Louis Brandeis’ Great-Niece Speaks Out

Louis Brandeis’s ex-niece has sent out an open letter to Jehuda and the administration. She quotes Louis Brandeis to show that in his work building the University of Louisville, he absolutely considered an art museum essential.

Second. The beginning of an art collection. Living among things of beauty is a help toward culture and the life worthwhile. But the function of a university in respect to the fine arts is not limited to promoting understanding and appreciation. It should strive to awaken the slumbering creative instinct, to encourage its exercise and development, to stimulate production. …

Here’s Michael Rush reading out the whole of her letter:

The conclusion:

I hope the above makes apparent, by assessing the art collection as merely a disposable financial asset rather than as the culturally and intellectually valuable ensemble that it is, your university’s trustees and your administration have proposed to act not only without full appreciation of core objectives of any university, but against those that Justice Brandeis himself most actively fostered. I therefore urge you to abandon any plans of selling any portion whatsoever of the art collection of the Rose Museum, or of diminishing its role.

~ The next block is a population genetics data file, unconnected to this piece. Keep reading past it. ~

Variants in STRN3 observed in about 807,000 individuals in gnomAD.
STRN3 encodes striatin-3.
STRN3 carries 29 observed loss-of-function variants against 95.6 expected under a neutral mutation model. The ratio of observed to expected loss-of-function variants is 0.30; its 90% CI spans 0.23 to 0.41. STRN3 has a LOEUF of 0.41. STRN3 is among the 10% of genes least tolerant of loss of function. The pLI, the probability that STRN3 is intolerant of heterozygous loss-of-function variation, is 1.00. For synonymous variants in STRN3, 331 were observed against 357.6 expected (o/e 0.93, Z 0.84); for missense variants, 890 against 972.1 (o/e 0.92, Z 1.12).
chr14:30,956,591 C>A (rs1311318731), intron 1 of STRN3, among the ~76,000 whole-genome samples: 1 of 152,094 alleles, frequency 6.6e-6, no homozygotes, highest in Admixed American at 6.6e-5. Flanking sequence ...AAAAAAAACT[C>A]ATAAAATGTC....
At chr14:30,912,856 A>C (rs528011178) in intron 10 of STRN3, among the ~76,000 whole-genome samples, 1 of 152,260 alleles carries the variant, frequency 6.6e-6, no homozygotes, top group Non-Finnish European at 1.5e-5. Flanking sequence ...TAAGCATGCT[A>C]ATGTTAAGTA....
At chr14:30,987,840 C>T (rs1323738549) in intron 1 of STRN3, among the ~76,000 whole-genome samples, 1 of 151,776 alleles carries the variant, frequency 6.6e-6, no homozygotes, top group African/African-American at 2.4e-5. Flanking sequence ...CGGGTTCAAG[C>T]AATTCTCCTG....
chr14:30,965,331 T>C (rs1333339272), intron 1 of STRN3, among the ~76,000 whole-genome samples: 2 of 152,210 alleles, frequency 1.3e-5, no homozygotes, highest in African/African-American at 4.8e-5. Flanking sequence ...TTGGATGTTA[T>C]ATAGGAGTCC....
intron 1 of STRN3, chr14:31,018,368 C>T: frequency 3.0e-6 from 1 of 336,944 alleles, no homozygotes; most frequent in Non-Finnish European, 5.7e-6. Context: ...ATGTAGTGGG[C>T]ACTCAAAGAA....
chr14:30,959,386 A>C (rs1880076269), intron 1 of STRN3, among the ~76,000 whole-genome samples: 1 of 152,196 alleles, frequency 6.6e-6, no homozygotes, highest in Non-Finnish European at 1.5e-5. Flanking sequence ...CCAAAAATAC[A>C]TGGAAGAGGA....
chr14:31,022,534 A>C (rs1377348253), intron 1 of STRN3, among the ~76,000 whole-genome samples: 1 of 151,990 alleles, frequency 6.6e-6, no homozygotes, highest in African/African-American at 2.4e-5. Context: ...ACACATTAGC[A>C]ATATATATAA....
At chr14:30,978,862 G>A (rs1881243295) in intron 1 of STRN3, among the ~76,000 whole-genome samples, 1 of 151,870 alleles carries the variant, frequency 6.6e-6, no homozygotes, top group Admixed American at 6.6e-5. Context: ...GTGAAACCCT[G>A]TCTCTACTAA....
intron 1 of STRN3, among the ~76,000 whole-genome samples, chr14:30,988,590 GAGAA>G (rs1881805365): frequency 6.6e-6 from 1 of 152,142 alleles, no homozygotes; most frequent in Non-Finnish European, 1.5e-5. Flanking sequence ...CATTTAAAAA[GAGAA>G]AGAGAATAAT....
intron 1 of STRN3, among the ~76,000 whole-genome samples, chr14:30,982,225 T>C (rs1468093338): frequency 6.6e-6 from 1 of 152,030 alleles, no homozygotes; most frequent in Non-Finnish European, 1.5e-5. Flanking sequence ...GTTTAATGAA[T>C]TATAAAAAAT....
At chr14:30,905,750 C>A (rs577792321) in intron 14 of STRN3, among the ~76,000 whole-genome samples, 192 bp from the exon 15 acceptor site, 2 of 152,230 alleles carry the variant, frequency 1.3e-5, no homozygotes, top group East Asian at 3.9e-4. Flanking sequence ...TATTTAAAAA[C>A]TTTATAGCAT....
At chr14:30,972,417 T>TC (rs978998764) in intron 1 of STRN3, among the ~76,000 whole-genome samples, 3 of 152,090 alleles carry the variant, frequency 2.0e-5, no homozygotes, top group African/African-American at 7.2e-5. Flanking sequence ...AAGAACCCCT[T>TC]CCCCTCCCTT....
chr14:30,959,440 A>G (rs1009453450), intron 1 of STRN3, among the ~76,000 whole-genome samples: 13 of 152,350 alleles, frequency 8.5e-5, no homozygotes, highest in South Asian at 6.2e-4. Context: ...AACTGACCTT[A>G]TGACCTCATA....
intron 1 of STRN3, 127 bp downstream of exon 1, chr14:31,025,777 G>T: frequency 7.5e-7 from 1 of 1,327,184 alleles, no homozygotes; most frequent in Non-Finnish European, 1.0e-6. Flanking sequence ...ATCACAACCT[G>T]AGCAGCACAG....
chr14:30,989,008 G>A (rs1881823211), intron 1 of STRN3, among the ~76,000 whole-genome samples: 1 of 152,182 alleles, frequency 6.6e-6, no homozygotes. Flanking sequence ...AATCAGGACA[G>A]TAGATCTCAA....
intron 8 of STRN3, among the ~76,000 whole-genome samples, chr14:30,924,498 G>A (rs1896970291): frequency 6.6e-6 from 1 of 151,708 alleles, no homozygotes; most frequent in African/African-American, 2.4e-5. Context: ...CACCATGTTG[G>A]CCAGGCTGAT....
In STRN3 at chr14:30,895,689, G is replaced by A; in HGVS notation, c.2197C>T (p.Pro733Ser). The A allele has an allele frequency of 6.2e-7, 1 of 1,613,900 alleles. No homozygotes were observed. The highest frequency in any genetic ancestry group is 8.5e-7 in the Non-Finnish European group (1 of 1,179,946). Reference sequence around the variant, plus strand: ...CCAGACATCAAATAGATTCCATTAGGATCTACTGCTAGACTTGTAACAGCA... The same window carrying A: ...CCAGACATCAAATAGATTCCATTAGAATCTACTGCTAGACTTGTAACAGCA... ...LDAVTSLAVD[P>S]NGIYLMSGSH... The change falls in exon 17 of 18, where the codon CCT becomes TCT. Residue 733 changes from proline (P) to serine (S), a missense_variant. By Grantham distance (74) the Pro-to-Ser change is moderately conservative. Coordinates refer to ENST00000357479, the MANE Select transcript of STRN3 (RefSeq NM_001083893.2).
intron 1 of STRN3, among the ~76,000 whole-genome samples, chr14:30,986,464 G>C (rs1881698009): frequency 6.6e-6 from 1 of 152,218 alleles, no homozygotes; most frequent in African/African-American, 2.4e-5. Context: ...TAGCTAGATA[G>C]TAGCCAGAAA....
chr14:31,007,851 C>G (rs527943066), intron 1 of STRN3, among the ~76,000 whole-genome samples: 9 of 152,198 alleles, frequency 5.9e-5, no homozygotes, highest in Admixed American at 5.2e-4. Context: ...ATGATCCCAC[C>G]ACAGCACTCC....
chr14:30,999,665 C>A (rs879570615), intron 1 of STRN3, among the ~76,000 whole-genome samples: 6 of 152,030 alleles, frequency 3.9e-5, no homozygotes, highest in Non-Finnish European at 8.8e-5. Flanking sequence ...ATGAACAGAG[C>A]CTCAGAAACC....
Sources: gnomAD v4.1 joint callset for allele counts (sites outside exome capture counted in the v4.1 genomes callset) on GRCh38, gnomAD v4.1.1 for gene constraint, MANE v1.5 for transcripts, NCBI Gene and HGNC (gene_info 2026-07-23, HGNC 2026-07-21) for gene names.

Louis Brandeis would be ashamed of any University selling art in his name. What a sad sight.

Dear Prof. Reinharz,

I am writing to you both as a member of the Brandeis family and as an historian of medieval Europe who has also served as a Faculty Senate President at my university. I hope to offer you both a viewpoint not hitherto considered and a suggestion for help with Brandeis University’s funding.